“The President shall be Commander in Chief of the Army and Navy of the United States.” With that phrase, Article II, Section 2 of the Constitution of the United States ensures civilian control over—and accountability for—the American military. While the power to declare war rests with Congress, responsibility for America’s global vision, its foreign policy and national security objectives, the military strategies to achieve them, the operational plans they entail and, most solemn of all, putting the lives of servicemen and women in harm’s way, rest with the president alone.
But what if the occupant of the White House fails to fulfill his constitutionally-mandated role as commander in chief? How would U.S. allies and enemies alike react to the strategic confusion and policy-making void left by the president’s abdication of his or her most important job? What should the American people believe—what should their 1.5 million soldiers, sailors,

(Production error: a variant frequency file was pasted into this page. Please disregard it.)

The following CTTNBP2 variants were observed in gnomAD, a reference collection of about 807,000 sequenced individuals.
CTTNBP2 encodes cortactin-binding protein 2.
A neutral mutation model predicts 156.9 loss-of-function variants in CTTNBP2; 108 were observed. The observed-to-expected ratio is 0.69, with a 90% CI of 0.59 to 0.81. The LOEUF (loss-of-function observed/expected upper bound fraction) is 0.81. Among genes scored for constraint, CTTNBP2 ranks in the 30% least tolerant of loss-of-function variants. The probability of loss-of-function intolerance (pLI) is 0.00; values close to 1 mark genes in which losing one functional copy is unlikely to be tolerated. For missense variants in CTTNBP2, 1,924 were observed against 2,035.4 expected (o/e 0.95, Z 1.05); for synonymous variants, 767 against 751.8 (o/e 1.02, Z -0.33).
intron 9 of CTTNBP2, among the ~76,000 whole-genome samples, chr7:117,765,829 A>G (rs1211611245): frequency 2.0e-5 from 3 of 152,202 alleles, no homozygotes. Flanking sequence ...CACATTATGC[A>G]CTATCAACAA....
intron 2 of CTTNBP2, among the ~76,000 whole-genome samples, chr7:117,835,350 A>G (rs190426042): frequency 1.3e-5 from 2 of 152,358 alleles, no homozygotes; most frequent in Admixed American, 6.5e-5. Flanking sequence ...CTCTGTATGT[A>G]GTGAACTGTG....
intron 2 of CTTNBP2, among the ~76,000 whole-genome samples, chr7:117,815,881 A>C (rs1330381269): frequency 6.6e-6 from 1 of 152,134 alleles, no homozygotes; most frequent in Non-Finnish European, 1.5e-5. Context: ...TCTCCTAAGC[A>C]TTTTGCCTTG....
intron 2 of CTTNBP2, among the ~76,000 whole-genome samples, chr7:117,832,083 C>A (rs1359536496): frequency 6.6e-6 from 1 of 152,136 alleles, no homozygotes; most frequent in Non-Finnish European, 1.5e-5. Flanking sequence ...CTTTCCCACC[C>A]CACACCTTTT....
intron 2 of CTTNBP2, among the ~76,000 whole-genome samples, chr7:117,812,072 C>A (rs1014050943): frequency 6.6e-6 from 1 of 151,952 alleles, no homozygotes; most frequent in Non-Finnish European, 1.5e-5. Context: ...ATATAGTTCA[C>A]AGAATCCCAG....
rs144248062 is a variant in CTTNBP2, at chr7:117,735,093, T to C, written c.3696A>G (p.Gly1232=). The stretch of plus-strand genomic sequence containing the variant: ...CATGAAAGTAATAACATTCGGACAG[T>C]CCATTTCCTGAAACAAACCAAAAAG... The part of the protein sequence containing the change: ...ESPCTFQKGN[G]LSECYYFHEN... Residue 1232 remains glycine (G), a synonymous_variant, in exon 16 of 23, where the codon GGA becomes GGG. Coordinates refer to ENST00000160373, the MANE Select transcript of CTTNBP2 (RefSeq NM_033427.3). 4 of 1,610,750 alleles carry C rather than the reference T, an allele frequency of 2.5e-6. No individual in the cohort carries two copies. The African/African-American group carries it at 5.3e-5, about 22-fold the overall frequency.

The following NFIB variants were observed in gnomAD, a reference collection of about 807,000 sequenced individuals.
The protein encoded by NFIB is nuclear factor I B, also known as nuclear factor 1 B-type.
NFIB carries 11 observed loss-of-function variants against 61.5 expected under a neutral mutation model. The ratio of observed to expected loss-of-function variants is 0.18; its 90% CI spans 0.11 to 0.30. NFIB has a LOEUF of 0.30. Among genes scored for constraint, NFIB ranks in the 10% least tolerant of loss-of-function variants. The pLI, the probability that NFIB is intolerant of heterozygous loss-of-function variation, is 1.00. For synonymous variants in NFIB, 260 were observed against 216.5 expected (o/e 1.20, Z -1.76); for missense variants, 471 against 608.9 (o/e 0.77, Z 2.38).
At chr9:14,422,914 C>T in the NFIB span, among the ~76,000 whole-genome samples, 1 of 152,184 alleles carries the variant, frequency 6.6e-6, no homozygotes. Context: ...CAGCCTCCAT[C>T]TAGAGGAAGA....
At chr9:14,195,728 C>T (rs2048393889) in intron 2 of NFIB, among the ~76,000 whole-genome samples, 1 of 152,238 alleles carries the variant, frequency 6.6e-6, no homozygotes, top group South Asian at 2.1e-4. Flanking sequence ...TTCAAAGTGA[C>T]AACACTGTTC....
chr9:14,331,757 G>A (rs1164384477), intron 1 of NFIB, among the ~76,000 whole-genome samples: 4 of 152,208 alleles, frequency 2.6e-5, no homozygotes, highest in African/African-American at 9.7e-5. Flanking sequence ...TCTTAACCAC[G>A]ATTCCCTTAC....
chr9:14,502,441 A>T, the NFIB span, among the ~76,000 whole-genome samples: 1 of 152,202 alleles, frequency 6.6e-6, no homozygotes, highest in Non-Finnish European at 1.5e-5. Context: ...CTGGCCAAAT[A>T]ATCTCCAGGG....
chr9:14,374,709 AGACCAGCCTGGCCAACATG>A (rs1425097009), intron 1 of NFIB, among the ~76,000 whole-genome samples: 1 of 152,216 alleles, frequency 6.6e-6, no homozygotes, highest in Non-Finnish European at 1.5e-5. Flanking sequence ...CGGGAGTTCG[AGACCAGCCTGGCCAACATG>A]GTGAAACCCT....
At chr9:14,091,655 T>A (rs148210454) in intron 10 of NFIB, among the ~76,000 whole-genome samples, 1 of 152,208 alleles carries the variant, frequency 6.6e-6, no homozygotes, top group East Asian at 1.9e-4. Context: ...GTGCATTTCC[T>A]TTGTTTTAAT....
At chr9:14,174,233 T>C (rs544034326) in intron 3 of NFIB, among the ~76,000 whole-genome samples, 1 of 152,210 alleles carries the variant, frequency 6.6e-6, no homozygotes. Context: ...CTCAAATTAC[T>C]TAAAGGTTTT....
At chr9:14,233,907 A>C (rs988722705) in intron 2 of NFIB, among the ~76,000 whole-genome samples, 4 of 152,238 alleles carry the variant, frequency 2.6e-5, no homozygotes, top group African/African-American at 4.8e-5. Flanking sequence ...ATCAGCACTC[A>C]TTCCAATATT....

marines do—when the Pentagon’s mission is a mystery?
Sadly, these questions are not hypothetical. As his decision this week to delegate Afghanistan strategy and force levels to the secretary of defense once again showed, commander in chief Donald Trump is absent without leave.
President Trump’s decision to delegate authority to the Pentagon to set troop levels in Afghanistan has raised concerns that a few thousand additional troops expected to deploy soon could be just the beginning of a new surge in the country after 15 years of war.
Defense Secretary Jim Mattis assured lawmakers Wednesday that a large increase in deployed forced will not happen, but some experts and former battlefield commanders warned the White House and Congress should be careful not to give the Pentagon a blank check.
Those experts are right to be worried